As Shohei Ohtani, 29, nears the highest contract in North American sports history beyond Major League Baseball, attention is turning to his agent’s tumultuous life story.
Japanese media outlet Full Count reported on Friday that “Ohtani’s agent has a heroic past, having once abandoned a major league career after suffering a full-body fracture,” and highlighted the story of Nez Valero, 60.
Ohtani is the hottest topic in Major League Baseball these days, and the total amount of money he is expected to receive has already surpassed $500 million (about 65.23 billion won). On the first day of the Winter Meetings, news broke that another big-market team, the Atlanta Braves, had joined the Winter Meetings, raising the possibility that Ohtani could become the first player in baseball history to receive $600 million (KRW 78.27 billion).
Valero, who represents him at his agency, CAA, is laughing all the way to the bank. With a typical agent’s commission of 5 percent, Valero would receive $30 million (about KRW 39.5 billion) if he surpasses the $600 million mark.레모나토토
According to The Athletic, Valero’s life hasn’t always been smooth sailing. He was once a promising infield prospect. He joined the Seattle Mariners in the fourth round of the 1985 Major League Baseball First-Year Player Draft, competing for a spot in the big leagues with Omar Vizquel, 56, who would later collect 11 Gold Gloves at shortstop.
He showed promise, reaching Double-A within a year of joining the team, but the 23-year-old Valero was newlywed and earning too little to support a family. Like many minor leaguers, Valero worked odd jobs on the side, until he tripped on a construction site and fell 40 feet, suffering a broken back, pelvis, and ribs, along with a severe concussion.
After spending 17 days in the hospital, he rehabbed and returned to the field, but never regained his form and was released by Seattle in 1988. He later played in the Italian league, but eventually retired at the age of 27 and became an agent.
The players who played alongside Valero have not forgotten him. “I didn’t speak English very well at the time, but Valero taught me enthusiastically,” Venezuelan Bizquel told The Athletic. He was very outgoing and optimistic, always talking to everyone and being friendly, so I’m not surprised that Valero was successful as an agent.”
As Valero rose through the ranks as an agent, in 2017 he met someone who would make a huge impact on his career. Ohtani was on his way to the major leagues. Ohtani was a two-hitter in Nippon Professional Baseball, but most major league teams didn’t think it was a viable option at the time. The Athletic wrote, “In 2018, Ohtani’s two-hitter was more of an idea than a reality. But Valero made it a possibility, and the Los Angeles Angels made it a reality.”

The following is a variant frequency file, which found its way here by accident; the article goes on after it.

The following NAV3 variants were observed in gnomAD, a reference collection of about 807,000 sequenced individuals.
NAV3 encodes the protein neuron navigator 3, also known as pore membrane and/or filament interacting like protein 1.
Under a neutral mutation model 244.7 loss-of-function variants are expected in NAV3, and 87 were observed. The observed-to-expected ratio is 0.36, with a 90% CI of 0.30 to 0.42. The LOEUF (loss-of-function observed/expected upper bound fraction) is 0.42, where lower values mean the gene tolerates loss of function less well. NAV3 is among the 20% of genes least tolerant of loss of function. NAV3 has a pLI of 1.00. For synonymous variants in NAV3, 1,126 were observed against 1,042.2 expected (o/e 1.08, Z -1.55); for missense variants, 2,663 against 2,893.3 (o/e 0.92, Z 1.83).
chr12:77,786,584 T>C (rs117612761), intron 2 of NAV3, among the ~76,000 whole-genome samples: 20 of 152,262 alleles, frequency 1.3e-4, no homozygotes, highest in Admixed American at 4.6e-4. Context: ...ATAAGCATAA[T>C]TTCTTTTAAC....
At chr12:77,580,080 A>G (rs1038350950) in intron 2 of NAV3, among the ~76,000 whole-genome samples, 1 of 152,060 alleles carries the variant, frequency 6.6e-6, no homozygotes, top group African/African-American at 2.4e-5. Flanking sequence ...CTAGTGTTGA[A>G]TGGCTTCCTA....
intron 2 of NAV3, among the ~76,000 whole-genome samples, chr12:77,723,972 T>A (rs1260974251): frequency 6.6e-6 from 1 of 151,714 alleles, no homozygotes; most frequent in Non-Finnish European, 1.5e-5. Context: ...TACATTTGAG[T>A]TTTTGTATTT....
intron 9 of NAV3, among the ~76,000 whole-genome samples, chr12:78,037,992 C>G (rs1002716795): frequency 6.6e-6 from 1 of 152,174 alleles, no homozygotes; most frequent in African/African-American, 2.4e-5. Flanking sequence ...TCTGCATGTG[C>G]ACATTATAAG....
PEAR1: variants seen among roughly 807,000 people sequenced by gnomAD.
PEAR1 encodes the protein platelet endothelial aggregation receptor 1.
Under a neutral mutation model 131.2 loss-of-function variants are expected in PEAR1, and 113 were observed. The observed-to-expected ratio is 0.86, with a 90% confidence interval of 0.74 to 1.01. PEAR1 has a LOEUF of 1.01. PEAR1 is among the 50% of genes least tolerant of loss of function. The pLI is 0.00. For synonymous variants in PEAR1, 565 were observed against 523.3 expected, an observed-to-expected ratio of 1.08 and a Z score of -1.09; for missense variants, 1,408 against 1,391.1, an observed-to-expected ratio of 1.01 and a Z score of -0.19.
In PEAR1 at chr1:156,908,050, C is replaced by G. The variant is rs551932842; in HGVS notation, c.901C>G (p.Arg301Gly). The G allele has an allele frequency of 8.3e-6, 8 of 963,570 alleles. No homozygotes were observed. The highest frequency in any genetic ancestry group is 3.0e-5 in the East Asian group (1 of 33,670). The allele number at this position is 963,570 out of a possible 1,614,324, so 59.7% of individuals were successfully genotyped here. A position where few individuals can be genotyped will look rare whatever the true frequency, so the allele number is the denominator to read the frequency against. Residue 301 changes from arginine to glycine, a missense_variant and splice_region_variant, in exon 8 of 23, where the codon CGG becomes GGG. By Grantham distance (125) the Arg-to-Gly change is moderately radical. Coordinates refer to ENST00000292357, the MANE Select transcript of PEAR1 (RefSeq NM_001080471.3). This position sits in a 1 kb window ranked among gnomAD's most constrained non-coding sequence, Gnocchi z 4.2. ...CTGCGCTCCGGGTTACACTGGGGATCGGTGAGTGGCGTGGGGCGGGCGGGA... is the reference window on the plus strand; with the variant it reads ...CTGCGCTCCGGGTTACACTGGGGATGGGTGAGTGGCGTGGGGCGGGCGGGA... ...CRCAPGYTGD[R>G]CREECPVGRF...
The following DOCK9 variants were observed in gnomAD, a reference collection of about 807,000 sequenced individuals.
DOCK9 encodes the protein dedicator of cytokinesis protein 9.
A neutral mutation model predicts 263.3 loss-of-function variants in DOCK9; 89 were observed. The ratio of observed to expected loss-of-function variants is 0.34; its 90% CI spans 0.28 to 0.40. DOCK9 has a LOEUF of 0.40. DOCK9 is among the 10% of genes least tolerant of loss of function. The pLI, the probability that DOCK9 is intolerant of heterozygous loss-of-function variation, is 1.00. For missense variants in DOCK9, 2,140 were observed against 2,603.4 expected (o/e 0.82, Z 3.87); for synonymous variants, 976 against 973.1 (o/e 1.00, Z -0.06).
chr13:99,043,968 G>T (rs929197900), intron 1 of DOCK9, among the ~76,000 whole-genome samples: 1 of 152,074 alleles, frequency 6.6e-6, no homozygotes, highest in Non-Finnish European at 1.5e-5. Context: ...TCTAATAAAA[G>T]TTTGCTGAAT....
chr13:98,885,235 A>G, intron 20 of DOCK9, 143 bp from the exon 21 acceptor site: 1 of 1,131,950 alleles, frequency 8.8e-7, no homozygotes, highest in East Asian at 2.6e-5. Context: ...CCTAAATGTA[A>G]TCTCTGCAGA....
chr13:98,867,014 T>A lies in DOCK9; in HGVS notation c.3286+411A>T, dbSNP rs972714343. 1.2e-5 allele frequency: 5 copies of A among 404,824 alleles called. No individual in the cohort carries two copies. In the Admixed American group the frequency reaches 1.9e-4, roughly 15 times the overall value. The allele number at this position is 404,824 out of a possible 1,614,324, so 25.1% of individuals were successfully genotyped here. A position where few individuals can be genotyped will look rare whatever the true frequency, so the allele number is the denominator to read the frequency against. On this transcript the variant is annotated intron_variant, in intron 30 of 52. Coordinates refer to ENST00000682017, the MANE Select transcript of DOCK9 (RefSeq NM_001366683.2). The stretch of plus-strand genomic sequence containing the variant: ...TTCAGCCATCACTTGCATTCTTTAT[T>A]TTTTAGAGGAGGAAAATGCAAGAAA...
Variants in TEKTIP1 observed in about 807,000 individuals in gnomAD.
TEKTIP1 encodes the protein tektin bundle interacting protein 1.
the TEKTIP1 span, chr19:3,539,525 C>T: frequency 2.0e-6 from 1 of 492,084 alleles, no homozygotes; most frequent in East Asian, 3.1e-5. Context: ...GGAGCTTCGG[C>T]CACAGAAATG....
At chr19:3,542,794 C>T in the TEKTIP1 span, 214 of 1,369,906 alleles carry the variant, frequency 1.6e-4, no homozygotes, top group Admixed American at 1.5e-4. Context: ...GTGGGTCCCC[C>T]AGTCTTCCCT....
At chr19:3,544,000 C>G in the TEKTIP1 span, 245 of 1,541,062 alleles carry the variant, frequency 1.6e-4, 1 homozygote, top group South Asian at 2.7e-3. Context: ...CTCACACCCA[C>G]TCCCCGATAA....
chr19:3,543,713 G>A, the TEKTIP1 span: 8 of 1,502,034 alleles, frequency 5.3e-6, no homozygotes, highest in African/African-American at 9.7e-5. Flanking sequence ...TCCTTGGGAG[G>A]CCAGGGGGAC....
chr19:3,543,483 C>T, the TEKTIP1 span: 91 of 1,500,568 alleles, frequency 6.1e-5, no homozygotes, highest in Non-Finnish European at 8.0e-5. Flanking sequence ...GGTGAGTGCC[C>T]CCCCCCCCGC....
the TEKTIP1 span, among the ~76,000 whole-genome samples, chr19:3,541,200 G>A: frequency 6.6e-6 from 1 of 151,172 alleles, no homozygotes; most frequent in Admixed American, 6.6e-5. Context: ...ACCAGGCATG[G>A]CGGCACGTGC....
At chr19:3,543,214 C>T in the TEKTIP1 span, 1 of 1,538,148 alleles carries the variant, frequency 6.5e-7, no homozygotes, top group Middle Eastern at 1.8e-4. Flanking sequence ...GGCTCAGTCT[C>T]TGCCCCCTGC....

Valero’s resourcefulness in securing the no-holds-barred two-tasking deal made Major League Baseball history. For six seasons, Ohtani performed a two-hitter that hadn’t been realized since Babe Ruth, winning an unprecedented two unanimous MVP awards. In 701 career games as a hitter, he batted .274 with 171 home runs, 437 RBI, 428 runs scored, 86 doubles, a .366 on-base percentage, .556 slugging percentage, and a .922 OPS, and as a pitcher, he went 38-19 with a 3.01 ERA and 608 strikeouts in 481⅔ innings.
For now, the race to sign Ohtani has been relatively quiet for a player of his size and reputation. Recently, the field has been narrowed down to five teams – the Los Angeles Angels, Los Angeles Dodgers, Chicago Cubs, Toronto Blue Jays, and San Francisco – and Valero has reportedly been traveling with Ohtani to each of those clubs’ home ballparks. It wasn’t until a day later, on the fourth, that it was revealed that he had visited San Francisco’s home ballpark, Oracle Park, on the third and met with senior team officials, including general manager Farhan Zaidi, new manager Bob Melvin, and Buster Posey, suggesting tight security.
“A man whose baseball career has had its share of twists and turns holds the keys to Ohtani’s big day,” Full Count wrote, noting that Valero and Ohtani could have a second happy ending.